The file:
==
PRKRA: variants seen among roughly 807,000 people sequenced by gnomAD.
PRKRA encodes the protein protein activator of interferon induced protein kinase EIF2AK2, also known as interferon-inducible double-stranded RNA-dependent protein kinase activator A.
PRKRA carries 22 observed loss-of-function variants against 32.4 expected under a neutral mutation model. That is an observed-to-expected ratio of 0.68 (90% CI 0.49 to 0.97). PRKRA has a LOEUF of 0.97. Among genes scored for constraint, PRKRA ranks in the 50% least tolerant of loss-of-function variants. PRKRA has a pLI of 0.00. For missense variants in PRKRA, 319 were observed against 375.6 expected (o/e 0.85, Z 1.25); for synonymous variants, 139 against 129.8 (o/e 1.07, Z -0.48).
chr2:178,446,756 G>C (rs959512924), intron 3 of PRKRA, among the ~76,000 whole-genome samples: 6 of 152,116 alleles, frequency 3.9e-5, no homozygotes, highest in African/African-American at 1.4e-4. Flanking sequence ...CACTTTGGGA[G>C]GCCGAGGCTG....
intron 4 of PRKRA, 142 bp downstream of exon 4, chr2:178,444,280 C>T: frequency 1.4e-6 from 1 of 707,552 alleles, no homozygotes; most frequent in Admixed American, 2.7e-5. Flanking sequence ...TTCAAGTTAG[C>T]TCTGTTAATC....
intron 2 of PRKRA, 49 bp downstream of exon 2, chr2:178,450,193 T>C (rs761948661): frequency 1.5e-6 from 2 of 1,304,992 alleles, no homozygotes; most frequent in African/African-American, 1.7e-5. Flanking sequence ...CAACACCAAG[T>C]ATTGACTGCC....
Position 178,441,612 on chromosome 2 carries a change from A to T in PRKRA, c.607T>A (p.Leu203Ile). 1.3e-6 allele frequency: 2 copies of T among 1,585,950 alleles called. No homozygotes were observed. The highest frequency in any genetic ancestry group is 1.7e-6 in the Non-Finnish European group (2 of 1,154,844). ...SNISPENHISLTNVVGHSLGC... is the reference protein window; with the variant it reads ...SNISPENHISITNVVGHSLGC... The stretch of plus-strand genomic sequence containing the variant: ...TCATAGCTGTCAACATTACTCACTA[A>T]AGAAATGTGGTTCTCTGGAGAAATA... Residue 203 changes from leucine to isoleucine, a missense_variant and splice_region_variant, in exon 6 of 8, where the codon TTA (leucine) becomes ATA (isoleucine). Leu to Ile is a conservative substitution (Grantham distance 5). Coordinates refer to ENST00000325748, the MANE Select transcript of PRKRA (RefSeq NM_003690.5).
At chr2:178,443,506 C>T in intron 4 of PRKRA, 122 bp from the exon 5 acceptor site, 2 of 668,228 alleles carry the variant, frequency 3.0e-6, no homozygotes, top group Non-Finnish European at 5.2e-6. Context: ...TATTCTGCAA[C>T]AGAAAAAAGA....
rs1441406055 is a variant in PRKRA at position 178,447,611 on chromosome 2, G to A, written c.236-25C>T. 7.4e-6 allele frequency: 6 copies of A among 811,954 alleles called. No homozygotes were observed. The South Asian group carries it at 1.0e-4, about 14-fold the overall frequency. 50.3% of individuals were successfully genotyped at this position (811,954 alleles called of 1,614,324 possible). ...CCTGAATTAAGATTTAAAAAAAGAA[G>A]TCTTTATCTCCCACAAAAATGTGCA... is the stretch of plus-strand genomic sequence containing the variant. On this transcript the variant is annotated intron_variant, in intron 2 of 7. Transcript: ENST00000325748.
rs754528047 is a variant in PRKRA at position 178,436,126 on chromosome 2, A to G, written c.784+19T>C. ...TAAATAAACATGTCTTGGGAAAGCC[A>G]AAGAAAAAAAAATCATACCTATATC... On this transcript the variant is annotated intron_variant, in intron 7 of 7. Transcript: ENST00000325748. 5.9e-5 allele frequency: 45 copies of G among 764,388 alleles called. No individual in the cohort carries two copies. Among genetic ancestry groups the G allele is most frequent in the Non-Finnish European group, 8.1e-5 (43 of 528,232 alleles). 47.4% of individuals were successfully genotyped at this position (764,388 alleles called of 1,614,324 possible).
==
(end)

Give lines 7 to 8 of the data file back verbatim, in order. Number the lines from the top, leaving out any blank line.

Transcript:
Position 178,441,612 on chromosome 2 carries a change from A to T in PRKRA, c.607T>A (p.Leu203Ile). 1.3e-6 allele frequency: 2 copies of T among 1,585,950 alleles called. No homozygotes were observed. The highest frequency in any genetic ancestry group is 1.7e-6 in the Non-Finnish European group (2 of 1,154,844). ...SNISPENHISLTNVVGHSLGC... is the reference protein window; with the variant it reads ...SNISPENHISITNVVGHSLGC... The stretch of plus-strand genomic sequence containing the variant: ...TCATAGCTGTCAACATTACTCACTA[A>T]AGAAATGTGGTTCTCTGGAGAAATA... Residue 203 changes from leucine to isoleucine, a missense_variant and splice_region_variant, in exon 6 of 8, where the codon TTA (leucine) becomes ATA (isoleucine). Leu to Ile is a conservative substitution (Grantham distance 5). Coordinates refer to ENST00000325748, the MANE Select transcript of PRKRA (RefSeq NM_003690.5).
At chr2:178,443,506 C>T in intron 4 of PRKRA, 122 bp from the exon 5 acceptor site, 2 of 668,228 alleles carry the variant, frequency 3.0e-6, no homozygotes, top group Non-Finnish European at 5.2e-6. Context: ...TATTCTGCAA[C>T]AGAAAAAAGA....